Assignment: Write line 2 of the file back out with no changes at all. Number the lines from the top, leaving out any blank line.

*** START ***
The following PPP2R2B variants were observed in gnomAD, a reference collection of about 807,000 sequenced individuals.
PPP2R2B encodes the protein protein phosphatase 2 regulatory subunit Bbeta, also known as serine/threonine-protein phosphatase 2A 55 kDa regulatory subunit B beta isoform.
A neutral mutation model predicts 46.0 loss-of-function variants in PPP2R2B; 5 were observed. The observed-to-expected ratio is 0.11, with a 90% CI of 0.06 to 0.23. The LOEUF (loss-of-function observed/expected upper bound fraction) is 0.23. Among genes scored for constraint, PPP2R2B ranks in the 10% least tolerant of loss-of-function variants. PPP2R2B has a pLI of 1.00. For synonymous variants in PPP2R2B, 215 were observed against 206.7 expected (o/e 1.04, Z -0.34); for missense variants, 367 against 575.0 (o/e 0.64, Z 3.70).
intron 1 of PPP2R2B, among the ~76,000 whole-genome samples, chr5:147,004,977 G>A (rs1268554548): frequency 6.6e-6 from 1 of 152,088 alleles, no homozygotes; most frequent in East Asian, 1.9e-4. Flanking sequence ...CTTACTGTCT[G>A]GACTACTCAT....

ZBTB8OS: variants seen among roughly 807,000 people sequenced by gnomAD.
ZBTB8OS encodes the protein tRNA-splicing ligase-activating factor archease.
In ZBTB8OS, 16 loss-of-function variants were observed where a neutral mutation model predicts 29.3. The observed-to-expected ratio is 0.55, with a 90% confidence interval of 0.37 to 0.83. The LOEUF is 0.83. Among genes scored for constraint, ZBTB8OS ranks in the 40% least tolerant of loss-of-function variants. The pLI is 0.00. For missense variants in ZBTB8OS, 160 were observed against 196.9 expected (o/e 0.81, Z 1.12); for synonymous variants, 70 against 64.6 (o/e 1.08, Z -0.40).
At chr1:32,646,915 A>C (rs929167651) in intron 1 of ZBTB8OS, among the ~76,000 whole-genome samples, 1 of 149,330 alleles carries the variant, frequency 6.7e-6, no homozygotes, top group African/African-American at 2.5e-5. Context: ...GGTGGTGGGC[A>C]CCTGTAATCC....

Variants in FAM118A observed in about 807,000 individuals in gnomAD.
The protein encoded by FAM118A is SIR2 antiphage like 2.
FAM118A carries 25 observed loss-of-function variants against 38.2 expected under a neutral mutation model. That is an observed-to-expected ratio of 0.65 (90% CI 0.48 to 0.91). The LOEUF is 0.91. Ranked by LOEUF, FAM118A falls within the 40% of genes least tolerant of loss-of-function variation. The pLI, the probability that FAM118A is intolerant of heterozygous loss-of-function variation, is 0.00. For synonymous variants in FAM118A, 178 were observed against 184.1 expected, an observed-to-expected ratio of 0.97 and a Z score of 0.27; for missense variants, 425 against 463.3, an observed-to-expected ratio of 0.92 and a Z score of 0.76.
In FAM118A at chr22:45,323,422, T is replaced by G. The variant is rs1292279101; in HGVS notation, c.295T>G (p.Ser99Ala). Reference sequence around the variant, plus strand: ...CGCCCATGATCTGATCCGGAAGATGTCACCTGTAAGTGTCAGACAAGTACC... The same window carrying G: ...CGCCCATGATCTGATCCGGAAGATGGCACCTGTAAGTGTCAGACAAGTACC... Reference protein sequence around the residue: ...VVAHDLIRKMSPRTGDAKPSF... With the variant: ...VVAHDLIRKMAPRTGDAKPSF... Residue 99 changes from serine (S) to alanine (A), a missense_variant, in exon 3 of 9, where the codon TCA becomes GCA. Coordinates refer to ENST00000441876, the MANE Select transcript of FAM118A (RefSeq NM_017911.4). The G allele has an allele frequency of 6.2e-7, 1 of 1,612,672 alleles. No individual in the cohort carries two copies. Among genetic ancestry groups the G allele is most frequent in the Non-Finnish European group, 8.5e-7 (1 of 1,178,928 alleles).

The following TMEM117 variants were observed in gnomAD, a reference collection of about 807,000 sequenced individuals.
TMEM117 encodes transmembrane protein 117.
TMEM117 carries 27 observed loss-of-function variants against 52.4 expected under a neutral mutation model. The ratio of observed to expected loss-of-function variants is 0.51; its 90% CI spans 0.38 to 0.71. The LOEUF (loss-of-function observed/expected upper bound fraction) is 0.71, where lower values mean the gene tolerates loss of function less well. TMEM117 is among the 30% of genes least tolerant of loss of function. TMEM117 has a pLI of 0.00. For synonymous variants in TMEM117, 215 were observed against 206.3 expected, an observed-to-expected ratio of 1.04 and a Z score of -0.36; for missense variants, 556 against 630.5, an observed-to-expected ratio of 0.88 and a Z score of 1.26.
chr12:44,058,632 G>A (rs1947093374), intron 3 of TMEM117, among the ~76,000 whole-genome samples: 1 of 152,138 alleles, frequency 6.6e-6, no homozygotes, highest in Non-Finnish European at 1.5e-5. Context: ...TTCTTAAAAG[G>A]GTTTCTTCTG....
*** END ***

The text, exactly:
PPP2R2B encodes the protein protein phosphatase 2 regulatory subunit Bbeta, also known as serine/threonine-protein phosphatase 2A 55 kDa regulatory subunit B beta isoform.